At the end of my walk in Ruthwell yesterday I passed a building that said the TSB Museum. Being intrigued I went to investigate further.
It turns out that a minister, the Rev Henry Duncan started a self help savings scheme for the local community who were not so well off. This scheme was later copied by other towns and villages and later became the Trustee Savings Bank.
On leaving Ruthwell I come to a place called Brow Well which looks like an oblong sunken stone pool with steps going down to it and some dirty brown water sitting on the bottom. If this is a well then I’m not drinking from it. A plaque nearby says that Robert Burns visited the well on the advice of his doctor to help his rheumatic fever.
I stop at Caerlaverock Castle which is looked after by Historic Scotland for my mid morning break, the café was very good. The castle itself is triangular with a moat around it. It was besieged several times and fell to Edward I after being besieged.
They had a fabulous café there, and as usual I could not resist the cakes.
Glencaple is a village on the estuary of the River Nith and part of the Caerlaverock estate. Along the seafront I saw some word carved seats, a new café by the jetty and a big old boat. In its past it had quite a busy port and also had a shipbuilding heritage.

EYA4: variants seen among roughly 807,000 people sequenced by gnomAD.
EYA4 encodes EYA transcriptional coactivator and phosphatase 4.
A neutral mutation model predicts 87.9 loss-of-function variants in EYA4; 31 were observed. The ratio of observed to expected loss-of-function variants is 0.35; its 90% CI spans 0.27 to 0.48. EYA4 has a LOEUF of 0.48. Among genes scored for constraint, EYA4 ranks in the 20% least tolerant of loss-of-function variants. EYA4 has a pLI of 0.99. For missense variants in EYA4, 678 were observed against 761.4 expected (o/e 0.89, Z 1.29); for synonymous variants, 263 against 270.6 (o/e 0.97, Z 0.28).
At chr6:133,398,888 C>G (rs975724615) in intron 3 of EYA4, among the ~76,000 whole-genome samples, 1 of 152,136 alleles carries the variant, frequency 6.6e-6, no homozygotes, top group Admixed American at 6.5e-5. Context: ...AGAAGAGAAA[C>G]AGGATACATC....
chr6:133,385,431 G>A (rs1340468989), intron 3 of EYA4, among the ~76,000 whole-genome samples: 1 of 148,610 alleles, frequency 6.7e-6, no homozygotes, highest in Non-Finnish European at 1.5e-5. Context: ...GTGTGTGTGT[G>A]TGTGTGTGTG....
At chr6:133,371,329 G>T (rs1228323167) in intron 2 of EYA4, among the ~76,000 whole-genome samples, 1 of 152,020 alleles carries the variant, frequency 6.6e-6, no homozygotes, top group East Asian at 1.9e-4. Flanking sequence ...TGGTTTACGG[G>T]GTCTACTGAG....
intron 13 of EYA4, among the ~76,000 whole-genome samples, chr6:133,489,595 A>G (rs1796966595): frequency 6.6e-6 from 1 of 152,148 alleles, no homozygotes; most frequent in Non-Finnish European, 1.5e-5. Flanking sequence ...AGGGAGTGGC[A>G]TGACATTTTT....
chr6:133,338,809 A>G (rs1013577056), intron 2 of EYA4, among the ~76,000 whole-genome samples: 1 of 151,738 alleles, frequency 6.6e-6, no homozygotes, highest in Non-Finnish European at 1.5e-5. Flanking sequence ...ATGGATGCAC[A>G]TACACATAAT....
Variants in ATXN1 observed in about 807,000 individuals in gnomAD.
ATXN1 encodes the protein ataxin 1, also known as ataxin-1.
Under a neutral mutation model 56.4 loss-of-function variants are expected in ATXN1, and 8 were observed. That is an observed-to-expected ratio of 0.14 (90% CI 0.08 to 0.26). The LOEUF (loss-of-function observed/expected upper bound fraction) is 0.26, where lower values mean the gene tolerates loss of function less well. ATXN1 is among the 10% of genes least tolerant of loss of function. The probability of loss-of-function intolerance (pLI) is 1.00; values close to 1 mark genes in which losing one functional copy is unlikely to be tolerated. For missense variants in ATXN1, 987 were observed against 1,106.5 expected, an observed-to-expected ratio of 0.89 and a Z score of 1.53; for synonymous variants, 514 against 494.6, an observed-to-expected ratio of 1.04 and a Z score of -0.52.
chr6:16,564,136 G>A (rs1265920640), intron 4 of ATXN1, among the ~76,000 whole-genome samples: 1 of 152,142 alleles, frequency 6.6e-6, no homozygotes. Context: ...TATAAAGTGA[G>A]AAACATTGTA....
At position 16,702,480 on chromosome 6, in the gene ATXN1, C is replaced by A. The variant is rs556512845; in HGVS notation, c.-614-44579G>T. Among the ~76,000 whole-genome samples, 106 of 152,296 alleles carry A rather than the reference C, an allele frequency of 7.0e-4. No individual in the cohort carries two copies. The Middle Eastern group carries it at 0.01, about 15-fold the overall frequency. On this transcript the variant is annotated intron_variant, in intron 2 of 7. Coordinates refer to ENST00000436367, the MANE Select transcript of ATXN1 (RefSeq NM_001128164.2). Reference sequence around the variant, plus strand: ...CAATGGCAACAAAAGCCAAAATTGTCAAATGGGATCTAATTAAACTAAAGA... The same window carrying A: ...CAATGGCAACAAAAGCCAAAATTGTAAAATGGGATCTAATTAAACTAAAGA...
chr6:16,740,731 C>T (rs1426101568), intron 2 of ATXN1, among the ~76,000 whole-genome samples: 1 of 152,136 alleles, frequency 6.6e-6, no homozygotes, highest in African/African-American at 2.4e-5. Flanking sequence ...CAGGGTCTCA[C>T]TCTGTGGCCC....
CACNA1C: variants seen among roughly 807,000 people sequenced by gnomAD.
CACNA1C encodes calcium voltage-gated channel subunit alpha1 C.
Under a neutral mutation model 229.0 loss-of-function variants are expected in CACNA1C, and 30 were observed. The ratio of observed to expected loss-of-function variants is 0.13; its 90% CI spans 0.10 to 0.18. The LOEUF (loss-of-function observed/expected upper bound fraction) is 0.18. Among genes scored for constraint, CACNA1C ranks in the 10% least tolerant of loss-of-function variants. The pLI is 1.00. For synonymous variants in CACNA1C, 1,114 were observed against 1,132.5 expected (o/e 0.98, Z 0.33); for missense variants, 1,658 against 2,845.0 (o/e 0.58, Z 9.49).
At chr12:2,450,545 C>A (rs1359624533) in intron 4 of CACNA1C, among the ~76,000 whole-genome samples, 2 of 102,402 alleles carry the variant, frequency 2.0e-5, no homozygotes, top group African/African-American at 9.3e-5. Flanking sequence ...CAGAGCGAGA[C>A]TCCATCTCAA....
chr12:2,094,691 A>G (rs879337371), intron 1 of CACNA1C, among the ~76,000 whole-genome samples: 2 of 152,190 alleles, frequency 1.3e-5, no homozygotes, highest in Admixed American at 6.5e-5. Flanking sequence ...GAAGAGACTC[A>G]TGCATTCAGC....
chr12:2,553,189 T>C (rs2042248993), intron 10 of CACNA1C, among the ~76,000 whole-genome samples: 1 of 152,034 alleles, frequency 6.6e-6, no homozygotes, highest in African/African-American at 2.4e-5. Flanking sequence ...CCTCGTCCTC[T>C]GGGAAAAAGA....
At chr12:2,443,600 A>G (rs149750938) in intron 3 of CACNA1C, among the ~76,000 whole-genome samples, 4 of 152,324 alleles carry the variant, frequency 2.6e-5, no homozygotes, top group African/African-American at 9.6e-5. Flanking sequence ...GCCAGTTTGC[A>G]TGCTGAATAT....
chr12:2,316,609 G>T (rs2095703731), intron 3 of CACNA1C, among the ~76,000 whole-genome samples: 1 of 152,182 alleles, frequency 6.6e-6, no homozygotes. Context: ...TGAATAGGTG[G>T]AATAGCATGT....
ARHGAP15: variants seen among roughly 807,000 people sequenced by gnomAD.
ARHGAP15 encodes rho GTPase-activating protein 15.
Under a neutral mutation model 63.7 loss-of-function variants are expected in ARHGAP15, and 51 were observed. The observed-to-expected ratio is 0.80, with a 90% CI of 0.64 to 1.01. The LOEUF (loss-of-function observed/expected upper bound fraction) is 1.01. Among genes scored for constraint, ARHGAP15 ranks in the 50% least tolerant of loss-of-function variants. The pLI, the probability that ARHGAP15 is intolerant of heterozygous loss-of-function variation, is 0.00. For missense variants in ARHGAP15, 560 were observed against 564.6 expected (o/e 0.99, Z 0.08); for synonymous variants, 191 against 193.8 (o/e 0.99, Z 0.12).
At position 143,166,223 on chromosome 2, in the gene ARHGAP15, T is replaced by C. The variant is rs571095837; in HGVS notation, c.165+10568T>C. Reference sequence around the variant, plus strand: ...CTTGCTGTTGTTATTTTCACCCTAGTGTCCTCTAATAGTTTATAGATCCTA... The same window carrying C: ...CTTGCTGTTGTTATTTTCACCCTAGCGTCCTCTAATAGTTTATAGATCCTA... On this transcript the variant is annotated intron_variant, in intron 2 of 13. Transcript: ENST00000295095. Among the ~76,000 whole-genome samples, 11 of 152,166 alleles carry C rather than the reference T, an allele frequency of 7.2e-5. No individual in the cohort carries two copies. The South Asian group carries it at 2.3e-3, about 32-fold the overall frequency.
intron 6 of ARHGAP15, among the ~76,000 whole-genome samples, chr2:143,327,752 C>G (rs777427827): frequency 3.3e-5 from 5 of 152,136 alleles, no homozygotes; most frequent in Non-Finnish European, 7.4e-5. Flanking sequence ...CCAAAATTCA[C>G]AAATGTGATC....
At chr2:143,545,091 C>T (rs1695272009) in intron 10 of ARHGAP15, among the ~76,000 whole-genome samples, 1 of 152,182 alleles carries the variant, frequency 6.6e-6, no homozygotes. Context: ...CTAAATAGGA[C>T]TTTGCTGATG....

At Kingsholm Quay I passed a load of people going to a wedding, I think the pub was called The Swan. Most of the men were in kilts and I noticed a couple of women struggling along in very high heels. The trials and tribulations of being a fashion follower.
Kingsholm Quay is on the River Nith at the outskirts of Dumfries and is known as the Port of Dumfries.
The walk into Dumfries along the river is very pleasant and popular. The path is part of a cycle network with the river on one side and parkland on the other. You arrive at a Millennium suspension bridge at the southern end of Dock Park.
Dock Park has been rejuvenated in the past few years and has a bandstand, play areas and seating. This is where I finished today with an ice cream.